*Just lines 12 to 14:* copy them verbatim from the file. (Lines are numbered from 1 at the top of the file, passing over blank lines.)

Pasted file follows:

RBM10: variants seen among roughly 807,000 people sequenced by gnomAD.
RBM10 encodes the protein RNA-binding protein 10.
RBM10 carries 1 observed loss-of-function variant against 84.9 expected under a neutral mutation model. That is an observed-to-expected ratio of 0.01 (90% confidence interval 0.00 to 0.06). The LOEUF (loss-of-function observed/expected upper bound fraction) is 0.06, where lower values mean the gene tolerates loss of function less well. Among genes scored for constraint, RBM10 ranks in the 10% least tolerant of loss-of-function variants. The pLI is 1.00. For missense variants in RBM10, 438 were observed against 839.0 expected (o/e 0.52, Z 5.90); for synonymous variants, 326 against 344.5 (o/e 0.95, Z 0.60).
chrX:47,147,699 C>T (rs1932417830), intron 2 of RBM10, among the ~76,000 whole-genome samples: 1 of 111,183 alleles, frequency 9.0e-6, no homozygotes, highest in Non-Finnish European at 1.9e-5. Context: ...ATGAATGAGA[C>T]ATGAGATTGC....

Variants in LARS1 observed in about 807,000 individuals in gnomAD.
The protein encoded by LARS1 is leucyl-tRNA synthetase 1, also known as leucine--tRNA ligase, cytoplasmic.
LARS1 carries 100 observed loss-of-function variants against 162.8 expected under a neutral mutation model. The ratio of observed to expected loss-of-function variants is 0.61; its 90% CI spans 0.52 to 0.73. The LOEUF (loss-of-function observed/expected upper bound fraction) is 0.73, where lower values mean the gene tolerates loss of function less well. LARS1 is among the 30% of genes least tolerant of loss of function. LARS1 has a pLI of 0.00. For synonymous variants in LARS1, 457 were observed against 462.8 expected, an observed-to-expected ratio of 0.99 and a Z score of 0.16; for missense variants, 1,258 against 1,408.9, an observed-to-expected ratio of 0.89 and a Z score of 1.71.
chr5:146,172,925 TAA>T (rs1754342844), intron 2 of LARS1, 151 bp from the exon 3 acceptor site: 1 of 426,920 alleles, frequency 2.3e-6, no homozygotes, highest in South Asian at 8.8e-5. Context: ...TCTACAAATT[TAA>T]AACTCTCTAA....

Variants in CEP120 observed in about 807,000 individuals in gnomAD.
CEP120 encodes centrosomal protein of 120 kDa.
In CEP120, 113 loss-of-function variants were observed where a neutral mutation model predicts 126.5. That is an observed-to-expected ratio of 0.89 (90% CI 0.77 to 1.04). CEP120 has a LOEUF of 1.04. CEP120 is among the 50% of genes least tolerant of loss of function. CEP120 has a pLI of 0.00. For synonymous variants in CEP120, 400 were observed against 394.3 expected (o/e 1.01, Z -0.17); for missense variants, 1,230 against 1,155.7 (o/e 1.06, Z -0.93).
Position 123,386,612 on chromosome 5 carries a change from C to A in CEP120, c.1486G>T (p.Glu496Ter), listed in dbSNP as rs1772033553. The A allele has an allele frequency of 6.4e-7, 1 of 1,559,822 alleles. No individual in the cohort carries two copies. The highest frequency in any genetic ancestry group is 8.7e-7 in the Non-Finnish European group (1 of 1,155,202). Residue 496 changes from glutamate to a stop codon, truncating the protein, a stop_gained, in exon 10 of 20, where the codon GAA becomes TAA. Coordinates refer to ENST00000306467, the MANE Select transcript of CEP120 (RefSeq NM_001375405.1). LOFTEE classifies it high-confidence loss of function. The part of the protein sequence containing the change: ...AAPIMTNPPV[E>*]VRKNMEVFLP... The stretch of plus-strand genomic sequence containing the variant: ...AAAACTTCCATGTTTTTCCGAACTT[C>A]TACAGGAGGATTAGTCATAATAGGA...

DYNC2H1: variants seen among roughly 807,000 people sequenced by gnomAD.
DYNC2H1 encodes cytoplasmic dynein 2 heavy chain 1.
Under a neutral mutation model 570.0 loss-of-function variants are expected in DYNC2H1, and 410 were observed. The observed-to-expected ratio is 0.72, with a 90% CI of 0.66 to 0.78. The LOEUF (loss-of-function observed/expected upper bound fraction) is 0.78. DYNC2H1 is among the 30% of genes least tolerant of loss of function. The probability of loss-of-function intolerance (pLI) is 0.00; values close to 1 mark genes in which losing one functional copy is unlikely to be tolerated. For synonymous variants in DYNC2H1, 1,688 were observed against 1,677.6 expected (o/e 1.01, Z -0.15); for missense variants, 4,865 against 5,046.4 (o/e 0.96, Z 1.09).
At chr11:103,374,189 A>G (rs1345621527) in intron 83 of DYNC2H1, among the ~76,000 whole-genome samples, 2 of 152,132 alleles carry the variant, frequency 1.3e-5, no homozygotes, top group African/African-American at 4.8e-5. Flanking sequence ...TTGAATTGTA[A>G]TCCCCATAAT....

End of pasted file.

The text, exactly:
Position 123,386,612 on chromosome 5 carries a change from C to A in CEP120, c.1486G>T (p.Glu496Ter), listed in dbSNP as rs1772033553. The A allele has an allele frequency of 6.4e-7, 1 of 1,559,822 alleles. No individual in the cohort carries two copies. The highest frequency in any genetic ancestry group is 8.7e-7 in the Non-Finnish European group (1 of 1,155,202). Residue 496 changes from glutamate to a stop codon, truncating the protein, a stop_gained, in exon 10 of 20, where the codon GAA becomes TAA. Coordinates refer to ENST00000306467, the MANE Select transcript of CEP120 (RefSeq NM_001375405.1). LOFTEE classifies it high-confidence loss of function. The part of the protein sequence containing the change: ...AAPIMTNPPV[E>*]VRKNMEVFLP... The stretch of plus-strand genomic sequence containing the variant: ...AAAACTTCCATGTTTTTCCGAACTT[C>A]TACAGGAGGATTAGTCATAATAGGA...

DYNC2H1: variants seen among roughly 807,000 people sequenced by gnomAD.
DYNC2H1 encodes cytoplasmic dynein 2 heavy chain 1.